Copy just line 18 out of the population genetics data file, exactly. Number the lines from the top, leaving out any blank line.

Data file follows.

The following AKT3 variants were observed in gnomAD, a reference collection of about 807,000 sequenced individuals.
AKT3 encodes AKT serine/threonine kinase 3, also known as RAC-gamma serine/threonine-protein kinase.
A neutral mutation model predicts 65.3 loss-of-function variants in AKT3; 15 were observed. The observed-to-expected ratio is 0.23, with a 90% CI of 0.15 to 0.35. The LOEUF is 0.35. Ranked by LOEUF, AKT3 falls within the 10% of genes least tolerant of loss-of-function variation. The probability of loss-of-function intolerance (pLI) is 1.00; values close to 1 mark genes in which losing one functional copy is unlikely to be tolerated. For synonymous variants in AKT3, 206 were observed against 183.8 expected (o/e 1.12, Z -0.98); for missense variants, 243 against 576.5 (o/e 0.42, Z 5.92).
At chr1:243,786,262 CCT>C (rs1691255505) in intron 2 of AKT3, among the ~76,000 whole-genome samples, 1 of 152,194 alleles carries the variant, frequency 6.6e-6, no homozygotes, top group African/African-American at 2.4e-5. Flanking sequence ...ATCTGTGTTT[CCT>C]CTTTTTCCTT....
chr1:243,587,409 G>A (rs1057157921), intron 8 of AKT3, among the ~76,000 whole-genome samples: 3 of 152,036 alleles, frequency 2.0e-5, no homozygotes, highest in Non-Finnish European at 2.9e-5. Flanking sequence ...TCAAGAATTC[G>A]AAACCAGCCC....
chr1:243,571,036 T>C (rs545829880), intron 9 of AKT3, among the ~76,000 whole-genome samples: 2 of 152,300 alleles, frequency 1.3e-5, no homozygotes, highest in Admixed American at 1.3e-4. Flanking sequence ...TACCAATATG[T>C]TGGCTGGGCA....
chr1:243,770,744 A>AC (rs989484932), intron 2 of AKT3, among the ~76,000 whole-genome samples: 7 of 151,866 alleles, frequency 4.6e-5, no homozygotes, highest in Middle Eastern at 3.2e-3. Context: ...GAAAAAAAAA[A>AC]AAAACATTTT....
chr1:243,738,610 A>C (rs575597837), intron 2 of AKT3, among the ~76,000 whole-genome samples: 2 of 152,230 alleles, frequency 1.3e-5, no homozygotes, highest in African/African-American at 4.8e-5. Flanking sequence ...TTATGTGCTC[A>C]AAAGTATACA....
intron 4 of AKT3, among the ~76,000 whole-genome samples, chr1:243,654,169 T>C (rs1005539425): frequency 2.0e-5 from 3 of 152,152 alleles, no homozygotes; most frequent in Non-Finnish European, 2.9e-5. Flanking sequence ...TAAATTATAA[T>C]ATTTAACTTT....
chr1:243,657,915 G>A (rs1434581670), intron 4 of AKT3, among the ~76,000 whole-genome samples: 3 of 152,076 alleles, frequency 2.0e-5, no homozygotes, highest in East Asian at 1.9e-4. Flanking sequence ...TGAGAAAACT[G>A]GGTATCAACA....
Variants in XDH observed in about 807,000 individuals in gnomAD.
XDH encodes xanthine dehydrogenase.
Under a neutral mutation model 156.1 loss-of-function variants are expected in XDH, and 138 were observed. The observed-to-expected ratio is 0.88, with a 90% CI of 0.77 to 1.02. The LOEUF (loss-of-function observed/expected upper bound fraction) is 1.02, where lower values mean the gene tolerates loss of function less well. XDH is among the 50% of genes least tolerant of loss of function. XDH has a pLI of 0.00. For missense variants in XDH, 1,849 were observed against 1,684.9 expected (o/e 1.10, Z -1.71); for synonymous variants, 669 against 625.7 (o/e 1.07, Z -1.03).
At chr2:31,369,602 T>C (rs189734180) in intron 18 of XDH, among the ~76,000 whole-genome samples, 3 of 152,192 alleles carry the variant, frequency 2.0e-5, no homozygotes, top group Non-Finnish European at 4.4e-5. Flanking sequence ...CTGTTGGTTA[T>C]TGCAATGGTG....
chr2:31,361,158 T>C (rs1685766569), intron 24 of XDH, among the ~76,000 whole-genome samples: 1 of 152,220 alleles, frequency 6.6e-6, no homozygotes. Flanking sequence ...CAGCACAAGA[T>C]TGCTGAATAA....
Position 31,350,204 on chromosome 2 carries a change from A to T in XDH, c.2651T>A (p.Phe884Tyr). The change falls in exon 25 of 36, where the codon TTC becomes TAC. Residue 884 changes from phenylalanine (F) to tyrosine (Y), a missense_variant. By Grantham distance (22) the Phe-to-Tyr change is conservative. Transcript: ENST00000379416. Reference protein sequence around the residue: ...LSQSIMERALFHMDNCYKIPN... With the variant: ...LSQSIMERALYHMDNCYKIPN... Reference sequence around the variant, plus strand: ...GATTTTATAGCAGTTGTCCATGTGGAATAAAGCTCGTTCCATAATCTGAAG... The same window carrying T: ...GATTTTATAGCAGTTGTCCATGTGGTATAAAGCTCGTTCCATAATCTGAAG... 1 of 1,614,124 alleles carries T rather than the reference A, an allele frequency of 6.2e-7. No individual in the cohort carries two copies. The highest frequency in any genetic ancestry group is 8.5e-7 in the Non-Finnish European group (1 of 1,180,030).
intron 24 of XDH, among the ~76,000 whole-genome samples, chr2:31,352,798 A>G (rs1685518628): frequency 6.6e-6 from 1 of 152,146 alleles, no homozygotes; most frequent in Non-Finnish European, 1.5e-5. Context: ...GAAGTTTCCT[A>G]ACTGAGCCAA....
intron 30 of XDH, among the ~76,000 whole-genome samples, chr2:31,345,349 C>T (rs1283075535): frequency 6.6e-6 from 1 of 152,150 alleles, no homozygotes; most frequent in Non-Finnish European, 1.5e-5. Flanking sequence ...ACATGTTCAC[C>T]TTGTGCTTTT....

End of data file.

intron 30 of XDH, among the ~76,000 whole-genome samples, chr2:31,345,349 C>T (rs1283075535): frequency 6.6e-6 from 1 of 152,150 alleles, no homozygotes; most frequent in Non-Finnish European, 1.5e-5. Flanking sequence ...ACATGTTCAC[C>T]TTGTGCTTTT....